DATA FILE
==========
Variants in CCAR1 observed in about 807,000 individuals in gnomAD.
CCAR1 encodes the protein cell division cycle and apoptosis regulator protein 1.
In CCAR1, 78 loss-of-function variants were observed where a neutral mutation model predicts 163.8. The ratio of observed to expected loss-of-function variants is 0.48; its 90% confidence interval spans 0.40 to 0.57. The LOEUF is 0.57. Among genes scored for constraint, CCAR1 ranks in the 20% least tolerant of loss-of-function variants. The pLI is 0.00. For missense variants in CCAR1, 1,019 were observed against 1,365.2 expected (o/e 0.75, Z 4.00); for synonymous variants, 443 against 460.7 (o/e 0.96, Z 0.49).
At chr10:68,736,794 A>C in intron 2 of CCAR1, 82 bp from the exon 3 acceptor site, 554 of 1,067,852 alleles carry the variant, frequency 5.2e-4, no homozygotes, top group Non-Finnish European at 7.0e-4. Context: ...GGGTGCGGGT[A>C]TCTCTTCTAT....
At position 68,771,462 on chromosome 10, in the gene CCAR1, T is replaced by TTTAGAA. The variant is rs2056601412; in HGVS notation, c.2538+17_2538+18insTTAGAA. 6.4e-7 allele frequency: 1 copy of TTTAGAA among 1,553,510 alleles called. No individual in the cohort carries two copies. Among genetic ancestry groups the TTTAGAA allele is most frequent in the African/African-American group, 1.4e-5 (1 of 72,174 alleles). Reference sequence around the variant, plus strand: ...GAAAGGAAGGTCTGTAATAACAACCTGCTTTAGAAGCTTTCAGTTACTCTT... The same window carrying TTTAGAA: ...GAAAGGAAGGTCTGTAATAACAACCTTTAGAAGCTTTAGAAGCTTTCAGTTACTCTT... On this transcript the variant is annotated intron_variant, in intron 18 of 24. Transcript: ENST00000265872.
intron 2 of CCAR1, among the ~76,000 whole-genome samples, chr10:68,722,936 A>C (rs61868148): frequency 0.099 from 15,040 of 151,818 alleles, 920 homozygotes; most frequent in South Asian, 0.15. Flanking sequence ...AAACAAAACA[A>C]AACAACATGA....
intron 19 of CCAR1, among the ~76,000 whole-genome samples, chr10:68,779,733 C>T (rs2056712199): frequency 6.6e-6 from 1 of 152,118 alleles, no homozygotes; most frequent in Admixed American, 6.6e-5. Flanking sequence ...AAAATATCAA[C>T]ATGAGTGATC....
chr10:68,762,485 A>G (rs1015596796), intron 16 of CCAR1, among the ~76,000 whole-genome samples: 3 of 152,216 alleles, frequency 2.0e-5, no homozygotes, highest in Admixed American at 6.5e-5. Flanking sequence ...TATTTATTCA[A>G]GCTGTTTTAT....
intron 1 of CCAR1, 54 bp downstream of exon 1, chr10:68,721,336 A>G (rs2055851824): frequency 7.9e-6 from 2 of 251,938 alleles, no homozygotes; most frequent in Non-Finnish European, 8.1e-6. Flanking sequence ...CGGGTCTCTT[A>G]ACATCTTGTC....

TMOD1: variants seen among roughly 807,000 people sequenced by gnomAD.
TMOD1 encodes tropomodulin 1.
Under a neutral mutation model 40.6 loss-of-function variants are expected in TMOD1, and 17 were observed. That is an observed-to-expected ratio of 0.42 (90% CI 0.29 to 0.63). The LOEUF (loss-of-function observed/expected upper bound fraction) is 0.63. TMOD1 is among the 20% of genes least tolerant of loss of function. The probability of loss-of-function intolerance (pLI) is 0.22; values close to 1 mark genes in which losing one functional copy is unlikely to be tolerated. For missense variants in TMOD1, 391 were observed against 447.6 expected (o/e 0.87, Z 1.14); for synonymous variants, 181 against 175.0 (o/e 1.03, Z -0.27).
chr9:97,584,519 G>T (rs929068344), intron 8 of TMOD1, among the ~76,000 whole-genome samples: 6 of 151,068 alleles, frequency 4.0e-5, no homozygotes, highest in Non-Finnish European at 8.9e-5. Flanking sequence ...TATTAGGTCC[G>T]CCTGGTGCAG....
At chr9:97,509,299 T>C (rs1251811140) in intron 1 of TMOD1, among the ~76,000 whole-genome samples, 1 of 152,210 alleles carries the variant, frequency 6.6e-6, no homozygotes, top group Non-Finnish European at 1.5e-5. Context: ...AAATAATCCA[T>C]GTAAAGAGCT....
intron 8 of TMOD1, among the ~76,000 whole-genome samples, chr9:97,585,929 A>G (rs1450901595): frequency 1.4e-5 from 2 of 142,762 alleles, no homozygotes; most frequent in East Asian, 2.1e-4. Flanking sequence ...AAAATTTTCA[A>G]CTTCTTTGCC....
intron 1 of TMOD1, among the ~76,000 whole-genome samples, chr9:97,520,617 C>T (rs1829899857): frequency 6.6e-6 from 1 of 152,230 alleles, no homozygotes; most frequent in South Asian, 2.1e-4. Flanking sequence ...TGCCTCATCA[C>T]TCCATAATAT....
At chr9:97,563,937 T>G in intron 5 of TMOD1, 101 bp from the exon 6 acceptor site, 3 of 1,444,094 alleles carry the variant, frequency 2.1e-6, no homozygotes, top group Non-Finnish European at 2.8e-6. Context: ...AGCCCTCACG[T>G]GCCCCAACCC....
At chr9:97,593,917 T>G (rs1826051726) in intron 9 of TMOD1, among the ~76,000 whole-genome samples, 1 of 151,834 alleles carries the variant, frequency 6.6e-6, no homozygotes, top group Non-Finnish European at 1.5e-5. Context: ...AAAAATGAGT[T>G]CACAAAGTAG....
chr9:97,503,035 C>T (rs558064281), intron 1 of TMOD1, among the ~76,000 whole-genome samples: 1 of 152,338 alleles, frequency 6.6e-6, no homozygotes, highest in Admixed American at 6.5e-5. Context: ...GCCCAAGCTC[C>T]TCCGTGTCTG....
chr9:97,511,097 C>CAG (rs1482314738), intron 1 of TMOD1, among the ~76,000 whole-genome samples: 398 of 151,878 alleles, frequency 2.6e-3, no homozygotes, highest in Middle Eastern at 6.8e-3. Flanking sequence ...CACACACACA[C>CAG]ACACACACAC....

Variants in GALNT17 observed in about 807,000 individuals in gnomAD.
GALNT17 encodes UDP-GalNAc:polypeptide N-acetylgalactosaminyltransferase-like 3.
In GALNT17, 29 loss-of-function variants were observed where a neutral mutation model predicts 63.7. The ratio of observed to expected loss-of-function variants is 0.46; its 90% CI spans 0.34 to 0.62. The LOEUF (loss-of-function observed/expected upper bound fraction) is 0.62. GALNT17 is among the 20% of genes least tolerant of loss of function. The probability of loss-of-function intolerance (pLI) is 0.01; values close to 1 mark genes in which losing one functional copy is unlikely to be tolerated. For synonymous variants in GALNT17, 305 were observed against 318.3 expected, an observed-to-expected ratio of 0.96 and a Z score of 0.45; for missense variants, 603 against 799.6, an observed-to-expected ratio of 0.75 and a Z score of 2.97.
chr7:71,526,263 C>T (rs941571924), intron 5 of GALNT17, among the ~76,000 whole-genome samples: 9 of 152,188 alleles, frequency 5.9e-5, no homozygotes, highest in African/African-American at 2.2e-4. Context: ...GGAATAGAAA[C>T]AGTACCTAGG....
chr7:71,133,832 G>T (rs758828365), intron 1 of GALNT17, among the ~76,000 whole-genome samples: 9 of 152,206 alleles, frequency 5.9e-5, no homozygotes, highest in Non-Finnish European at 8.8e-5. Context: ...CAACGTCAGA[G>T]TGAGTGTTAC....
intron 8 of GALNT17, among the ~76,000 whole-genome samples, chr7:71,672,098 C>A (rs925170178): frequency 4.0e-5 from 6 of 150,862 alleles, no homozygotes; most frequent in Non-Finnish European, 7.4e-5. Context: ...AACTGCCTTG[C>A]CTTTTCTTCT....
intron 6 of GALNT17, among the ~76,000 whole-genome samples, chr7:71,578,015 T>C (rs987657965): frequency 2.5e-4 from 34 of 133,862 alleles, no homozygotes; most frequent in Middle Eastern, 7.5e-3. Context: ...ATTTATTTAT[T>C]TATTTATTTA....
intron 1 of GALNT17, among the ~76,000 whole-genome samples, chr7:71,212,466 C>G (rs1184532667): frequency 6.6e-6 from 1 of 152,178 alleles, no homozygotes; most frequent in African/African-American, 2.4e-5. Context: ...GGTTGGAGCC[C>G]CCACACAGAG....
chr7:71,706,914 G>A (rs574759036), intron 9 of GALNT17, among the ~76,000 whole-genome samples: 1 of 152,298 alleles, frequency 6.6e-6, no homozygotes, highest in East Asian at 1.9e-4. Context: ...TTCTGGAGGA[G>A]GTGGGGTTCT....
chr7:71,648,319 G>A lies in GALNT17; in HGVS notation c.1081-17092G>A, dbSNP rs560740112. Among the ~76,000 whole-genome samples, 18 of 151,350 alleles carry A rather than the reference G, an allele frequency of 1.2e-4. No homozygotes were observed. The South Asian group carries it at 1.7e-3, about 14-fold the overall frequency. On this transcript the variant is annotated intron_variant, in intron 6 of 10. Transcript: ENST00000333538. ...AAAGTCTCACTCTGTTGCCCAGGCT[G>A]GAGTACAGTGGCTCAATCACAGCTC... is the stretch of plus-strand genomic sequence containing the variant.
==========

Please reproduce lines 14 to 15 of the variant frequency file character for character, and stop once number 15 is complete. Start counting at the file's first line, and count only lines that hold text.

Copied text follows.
At chr9:97,509,299 T>C (rs1251811140) in intron 1 of TMOD1, among the ~76,000 whole-genome samples, 1 of 152,210 alleles carries the variant, frequency 6.6e-6, no homozygotes, top group Non-Finnish European at 1.5e-5. Context: ...AAATAATCCA[T>C]GTAAAGAGCT....
intron 8 of TMOD1, among the ~76,000 whole-genome samples, chr9:97,585,929 A>G (rs1450901595): frequency 1.4e-5 from 2 of 142,762 alleles, no homozygotes; most frequent in East Asian, 2.1e-4. Flanking sequence ...AAAATTTTCA[A>G]CTTCTTTGCC....